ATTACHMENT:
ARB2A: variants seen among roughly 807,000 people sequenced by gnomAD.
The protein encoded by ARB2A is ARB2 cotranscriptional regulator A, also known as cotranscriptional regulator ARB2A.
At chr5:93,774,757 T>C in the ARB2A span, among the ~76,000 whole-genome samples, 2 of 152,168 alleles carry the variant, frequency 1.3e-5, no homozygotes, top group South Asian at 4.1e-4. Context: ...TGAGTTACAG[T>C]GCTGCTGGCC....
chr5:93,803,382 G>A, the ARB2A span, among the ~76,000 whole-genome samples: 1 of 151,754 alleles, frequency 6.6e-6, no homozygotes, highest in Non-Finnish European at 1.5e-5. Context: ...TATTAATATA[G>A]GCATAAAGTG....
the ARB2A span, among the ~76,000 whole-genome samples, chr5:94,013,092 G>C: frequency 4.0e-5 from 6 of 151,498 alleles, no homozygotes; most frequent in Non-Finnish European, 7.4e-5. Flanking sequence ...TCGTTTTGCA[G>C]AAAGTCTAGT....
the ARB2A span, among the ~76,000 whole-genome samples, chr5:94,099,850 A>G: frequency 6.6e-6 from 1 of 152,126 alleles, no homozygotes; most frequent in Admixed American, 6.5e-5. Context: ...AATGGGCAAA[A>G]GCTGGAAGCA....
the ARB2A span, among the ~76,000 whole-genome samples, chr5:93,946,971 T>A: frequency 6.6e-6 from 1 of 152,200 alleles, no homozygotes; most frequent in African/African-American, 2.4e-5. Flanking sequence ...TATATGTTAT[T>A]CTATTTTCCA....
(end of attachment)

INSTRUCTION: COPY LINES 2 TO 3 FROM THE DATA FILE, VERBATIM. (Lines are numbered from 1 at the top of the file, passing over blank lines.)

The protein encoded by ARB2A is ARB2 cotranscriptional regulator A, also known as cotranscriptional regulator ARB2A.
At chr5:93,774,757 T>C in the ARB2A span, among the ~76,000 whole-genome samples, 2 of 152,168 alleles carry the variant, frequency 1.3e-5, no homozygotes, top group South Asian at 4.1e-4. Context: ...TGAGTTACAG[T>C]GCTGCTGGCC....